A cross-sectional study was carried out in four farming communities in Aniocha North Local Government Area of Delta State of Nigeria, Idumuogo, Ogodor, Anioma and Ubulubu – between November 2008 and March 2009.
The study was carried out to determine the current status of Onchocerciasis in the communities, through the study of the clinical manifestations of the disease and socio-economic effects on the sufferers, and to connect on the ongoing control measures with ivermectin in the area.

A total of 450 subjects were selected for examination for clinical manifestation of Onchocerciasis. 140 (31.1%) males, and 104 (23.1%) females were found to be infected with one or two clinical manifestations. Although infections were found in all age groups, it occurred mostly in older groups. Various rates of clinical manifestation were recorded thus: leopard skin 106 (24%), Onchocercal nodules 32 (7.1%), Onchodermatitis 51 (11.3%), itching 50 (11.1%) and impaired vision 18 (4.0%) with Idumuogo and Ubulubu, having the highest infections rates of 114 (25.3%) and 76 (16.9%) respectively. Males were significantly more infected than females (X2 = 176.4, df = 24, P<0 .01="" 32="" a="" be="" can="" communities="" for="" from="" hypoendermic="" nodular="" of="" onchocerciasis="" rate="" result="" said="" span="" study="" surveyed="" the="" to="" with="">

Onchocerciasis, also known as “river blindness” is a disease caused by a nematode filarial worm. Onchocerca volvulus, and is transmitted through the bites of an infected female blackfly (Similium species). The manifestations of onchocerciasis are predominantly dermal, lymphatic and ocular in character. Dermal, manifestation include pruritis, lesions (papules, macules, urticaria, oedema, excoriatia pustules, crusts, scaling ulceration, lichenification, pachydermia, Atrophy, pigmentary change leopard skin and others) Nodules, lymphatic manifestations are in form of lymphadenopathy, lyphoedema and Hanging groin.

Ocular damages affect the conjunctiva, cornea, lens in form of cataract, Retina in form of pigment epithelial atrophy, cotton wool spots and Haemorrhages choroid and optic nerves in form of optic neuritis and optic atrophy (WHO, 1995).

Worldwide onchocerciasis is second to trachoma as a leading cause of blindness of infectious origin (Thylefors et al 1995). More than 100 million people worldwide are at risk of infection, 18 million people are infected, 800,000 people are visually impaired, 270,000 people are already blind, 3.3 million of the people reside in Nigeria, where it is still regarded as a public health problem (WHO, 1995). Blindness which is the ultimate consequence of onchocerciasis renders the productive segment of the community unproductive, and dependent on others. Also most fertile lands have been abandoned because of this disease, (Okolo et al, 2004).

Onchocerciasis in Nigeria is transmitted solely by members of the Similium damnosum complex. They are widespread in the savanna forest, savanna mosaic and rainforest areas of Nigeria. S. damnosum, which breeds in large streams and rivers in the woody and open country side, has been known to be common in the rocky sections of the river Niger and its tributaries (Eneanya and Nwaorgu, 2001). Maikaje et al (2008) also found S. damnosum breeding along River Muvur and Uba, to habour infective Onchocerca volvulus microfilarae. In Mubi North and Hong Local Government Areas of Adamawa State. Okonkwo et al (1991) found S. damonsum breeding along the Oji River of Enugu State. Nwoke et al (1998) also carried out epidemiological studies of human onchocerciasis in rivers of Katsina Ala (tributary of Benue) Anambra and Oji Rivers (tributaries of River Niger), the Cross River and Imo River, the costal areas of Rivers, Akwa-Ibom and Cross River States. The exposure of those rocks in the beds or side margins of these fast flowing rivers as well as numerous trailing vegetation create favourable breeding sites for Similium damnosum complex. All these reports indicate that fast flowing river, rivulets and streams, favours the breeding of blackfly.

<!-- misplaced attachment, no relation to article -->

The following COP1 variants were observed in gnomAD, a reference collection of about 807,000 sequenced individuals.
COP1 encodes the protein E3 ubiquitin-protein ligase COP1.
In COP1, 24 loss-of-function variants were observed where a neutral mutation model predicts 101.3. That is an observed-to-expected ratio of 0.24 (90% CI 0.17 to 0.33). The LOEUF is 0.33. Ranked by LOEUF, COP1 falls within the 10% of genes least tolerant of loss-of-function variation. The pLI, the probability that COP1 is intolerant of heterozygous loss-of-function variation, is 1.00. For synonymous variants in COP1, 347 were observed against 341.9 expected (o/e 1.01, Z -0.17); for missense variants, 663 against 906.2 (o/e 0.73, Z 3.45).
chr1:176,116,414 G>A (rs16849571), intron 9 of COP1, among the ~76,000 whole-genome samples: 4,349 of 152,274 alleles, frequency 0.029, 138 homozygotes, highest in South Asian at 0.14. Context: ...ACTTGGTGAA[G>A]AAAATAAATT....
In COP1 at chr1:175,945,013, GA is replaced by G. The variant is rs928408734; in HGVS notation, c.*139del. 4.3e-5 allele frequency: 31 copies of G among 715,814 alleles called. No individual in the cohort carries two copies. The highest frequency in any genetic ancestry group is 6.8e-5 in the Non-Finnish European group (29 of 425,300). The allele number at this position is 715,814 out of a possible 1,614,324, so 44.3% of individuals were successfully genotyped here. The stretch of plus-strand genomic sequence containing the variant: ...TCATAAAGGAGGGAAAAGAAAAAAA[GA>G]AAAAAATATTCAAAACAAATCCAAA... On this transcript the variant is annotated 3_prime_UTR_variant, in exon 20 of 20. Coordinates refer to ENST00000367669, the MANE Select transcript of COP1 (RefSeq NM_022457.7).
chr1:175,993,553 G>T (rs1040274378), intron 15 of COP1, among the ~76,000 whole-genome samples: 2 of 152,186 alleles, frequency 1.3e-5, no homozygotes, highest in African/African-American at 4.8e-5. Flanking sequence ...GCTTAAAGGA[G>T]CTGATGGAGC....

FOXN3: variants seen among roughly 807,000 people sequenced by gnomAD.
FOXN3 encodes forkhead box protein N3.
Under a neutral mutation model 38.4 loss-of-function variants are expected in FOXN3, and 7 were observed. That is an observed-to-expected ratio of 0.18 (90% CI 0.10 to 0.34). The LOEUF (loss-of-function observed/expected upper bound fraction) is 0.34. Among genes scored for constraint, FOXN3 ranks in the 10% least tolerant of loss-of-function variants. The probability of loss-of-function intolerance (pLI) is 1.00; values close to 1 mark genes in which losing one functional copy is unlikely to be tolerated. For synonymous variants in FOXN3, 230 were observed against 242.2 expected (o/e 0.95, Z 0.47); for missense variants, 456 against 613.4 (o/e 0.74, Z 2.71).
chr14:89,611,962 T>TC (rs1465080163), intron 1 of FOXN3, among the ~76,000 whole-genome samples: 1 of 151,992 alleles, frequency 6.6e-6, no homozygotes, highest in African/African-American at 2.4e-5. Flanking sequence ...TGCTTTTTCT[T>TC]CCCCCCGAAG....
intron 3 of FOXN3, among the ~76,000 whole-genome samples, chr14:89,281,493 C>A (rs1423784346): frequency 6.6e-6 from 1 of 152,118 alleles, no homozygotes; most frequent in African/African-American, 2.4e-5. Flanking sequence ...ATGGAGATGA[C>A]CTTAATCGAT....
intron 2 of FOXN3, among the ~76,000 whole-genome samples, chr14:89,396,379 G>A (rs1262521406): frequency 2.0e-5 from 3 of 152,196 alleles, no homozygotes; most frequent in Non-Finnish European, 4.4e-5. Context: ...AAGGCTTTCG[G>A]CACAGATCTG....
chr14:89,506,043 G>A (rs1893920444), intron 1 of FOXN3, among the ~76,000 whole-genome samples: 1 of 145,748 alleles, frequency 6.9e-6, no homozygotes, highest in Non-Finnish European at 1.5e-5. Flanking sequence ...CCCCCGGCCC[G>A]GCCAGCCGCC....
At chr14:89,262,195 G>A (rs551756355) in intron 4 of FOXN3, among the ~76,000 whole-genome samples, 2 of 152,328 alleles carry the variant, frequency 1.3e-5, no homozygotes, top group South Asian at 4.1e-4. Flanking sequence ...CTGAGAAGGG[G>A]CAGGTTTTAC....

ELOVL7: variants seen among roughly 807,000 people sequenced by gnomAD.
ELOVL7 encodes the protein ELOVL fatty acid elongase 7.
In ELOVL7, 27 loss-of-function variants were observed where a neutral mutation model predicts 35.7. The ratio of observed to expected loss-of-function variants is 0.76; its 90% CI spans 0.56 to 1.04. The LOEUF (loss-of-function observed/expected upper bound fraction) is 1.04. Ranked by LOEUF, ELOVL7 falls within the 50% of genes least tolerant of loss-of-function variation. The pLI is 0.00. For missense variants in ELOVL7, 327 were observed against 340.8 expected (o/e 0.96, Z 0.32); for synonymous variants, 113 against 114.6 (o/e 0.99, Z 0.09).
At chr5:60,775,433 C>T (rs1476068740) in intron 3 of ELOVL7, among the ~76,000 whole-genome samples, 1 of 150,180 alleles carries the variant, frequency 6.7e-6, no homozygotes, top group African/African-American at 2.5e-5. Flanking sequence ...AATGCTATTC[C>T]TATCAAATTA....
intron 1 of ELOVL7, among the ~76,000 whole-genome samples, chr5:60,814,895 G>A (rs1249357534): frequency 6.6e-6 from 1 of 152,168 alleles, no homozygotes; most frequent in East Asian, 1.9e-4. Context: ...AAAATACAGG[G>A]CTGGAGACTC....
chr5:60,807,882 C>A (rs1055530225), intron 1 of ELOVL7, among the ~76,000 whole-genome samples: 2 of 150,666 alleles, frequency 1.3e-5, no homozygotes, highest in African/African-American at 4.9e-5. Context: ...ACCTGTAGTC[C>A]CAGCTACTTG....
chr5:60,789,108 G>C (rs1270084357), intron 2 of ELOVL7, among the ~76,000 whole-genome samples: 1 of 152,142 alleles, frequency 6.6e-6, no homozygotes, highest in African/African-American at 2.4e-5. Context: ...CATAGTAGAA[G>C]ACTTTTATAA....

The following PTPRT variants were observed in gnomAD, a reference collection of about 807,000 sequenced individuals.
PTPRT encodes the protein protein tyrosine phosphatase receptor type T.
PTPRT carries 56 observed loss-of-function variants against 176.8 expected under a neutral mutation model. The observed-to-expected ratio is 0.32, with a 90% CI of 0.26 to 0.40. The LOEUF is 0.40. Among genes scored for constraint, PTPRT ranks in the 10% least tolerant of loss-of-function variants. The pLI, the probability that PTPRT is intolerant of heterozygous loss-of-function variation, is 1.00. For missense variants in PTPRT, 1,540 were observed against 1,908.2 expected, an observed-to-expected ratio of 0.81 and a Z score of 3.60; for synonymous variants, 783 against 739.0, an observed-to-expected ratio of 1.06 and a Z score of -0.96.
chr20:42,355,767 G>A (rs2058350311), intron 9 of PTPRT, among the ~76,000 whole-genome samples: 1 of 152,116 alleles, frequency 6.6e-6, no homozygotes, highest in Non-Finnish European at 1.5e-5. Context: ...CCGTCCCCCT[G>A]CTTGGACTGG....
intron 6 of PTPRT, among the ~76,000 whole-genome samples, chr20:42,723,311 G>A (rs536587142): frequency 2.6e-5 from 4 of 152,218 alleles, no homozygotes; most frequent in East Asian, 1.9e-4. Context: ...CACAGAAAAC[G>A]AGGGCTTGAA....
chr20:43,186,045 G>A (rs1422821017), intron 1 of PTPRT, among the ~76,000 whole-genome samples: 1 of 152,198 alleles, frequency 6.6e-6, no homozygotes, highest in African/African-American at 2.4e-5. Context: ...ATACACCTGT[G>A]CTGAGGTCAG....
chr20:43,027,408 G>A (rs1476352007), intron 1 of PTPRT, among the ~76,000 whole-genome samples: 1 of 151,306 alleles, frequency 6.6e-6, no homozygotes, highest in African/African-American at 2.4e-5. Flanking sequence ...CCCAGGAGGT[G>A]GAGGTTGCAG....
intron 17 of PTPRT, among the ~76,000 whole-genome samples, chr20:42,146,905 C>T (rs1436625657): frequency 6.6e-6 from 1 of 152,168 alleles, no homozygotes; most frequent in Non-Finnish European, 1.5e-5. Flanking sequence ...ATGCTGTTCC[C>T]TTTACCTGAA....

A Rapid Epidemiological Mapping of Onchocerciasis carried out in nine sentinel villages in Edo/Delta (Okhoromi, Ugbokogbe, Oke, Ovao, Ekilor, Eko-Ibadan, Idumuogo, Agbor Alidinma and Igbogili) recorded a prevalence of 40.4% of microfilaria infection, 18.9% of nodules and 7.7% of leopard skin, led to choosing Delta State as an endemic state with sufficiently important public health problem to warrant community wide ivermectin treatment, where the prevalence of microfilaria is greater than 40%, (WHO, 1991). Offor et al (1998) trapped blackflies exposed on human legs between 0600 hours and 18 hours local time in Okpanam (River Awai) and Ogwashuku (River Mgbiligba) of Delta State and blackflies were likely forest S. yahense.

The aim of the present study is to determine the current status of onchocerciasis in selected communities in Aniocha North Local Government Area of Delta State.

The specific objectives include:

1.                 To define the prevalence of onchocercal nodules in the communities

2.                    To define the prevalence of dermatitis in the communities.

3.                 To define prevalence of leopard skin in the communities and other clinical manifestations in the communities. It is hoped that the result will provide useful information on the success of the ongoing control programme with ivermectin in these areas.

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Item Type: Project Material  |  Size: 60 pages  |  Chapters: 1-5
Format: MS Word   Delivery: Within 30Mins.


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